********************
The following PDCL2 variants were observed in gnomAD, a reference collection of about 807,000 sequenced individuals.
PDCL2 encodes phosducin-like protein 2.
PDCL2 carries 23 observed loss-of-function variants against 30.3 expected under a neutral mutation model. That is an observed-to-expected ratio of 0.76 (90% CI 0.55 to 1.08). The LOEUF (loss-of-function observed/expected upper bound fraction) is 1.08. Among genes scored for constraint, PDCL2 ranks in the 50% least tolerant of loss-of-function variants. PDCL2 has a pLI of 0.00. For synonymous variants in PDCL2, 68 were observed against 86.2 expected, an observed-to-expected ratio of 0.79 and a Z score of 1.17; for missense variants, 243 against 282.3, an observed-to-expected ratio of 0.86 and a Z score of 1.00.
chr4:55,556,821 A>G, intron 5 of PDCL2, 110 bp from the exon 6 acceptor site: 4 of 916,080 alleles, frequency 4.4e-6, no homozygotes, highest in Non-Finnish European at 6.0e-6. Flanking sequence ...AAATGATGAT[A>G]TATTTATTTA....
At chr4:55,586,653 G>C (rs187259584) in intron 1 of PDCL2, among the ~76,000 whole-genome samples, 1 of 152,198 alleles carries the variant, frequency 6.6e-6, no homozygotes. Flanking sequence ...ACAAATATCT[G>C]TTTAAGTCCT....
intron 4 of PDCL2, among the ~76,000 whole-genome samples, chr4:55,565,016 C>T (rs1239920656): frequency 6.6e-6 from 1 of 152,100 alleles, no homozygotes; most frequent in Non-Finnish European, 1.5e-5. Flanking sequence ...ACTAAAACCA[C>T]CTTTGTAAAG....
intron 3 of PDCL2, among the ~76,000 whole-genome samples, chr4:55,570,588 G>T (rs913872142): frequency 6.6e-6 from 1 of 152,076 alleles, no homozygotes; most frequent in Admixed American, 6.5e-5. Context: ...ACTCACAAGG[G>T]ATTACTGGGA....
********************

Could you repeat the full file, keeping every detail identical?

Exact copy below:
The following PDCL2 variants were observed in gnomAD, a reference collection of about 807,000 sequenced individuals.
PDCL2 encodes phosducin-like protein 2.
PDCL2 carries 23 observed loss-of-function variants against 30.3 expected under a neutral mutation model. That is an observed-to-expected ratio of 0.76 (90% CI 0.55 to 1.08). The LOEUF (loss-of-function observed/expected upper bound fraction) is 1.08. Among genes scored for constraint, PDCL2 ranks in the 50% least tolerant of loss-of-function variants. PDCL2 has a pLI of 0.00. For synonymous variants in PDCL2, 68 were observed against 86.2 expected, an observed-to-expected ratio of 0.79 and a Z score of 1.17; for missense variants, 243 against 282.3, an observed-to-expected ratio of 0.86 and a Z score of 1.00.
chr4:55,556,821 A>G, intron 5 of PDCL2, 110 bp from the exon 6 acceptor site: 4 of 916,080 alleles, frequency 4.4e-6, no homozygotes, highest in Non-Finnish European at 6.0e-6. Flanking sequence ...AAATGATGAT[A>G]TATTTATTTA....
At chr4:55,586,653 G>C (rs187259584) in intron 1 of PDCL2, among the ~76,000 whole-genome samples, 1 of 152,198 alleles carries the variant, frequency 6.6e-6, no homozygotes. Flanking sequence ...ACAAATATCT[G>C]TTTAAGTCCT....
intron 4 of PDCL2, among the ~76,000 whole-genome samples, chr4:55,565,016 C>T (rs1239920656): frequency 6.6e-6 from 1 of 152,100 alleles, no homozygotes; most frequent in Non-Finnish European, 1.5e-5. Flanking sequence ...ACTAAAACCA[C>T]CTTTGTAAAG....
intron 3 of PDCL2, among the ~76,000 whole-genome samples, chr4:55,570,588 G>T (rs913872142): frequency 6.6e-6 from 1 of 152,076 alleles, no homozygotes; most frequent in Admixed American, 6.5e-5. Context: ...ACTCACAAGG[G>T]ATTACTGGGA....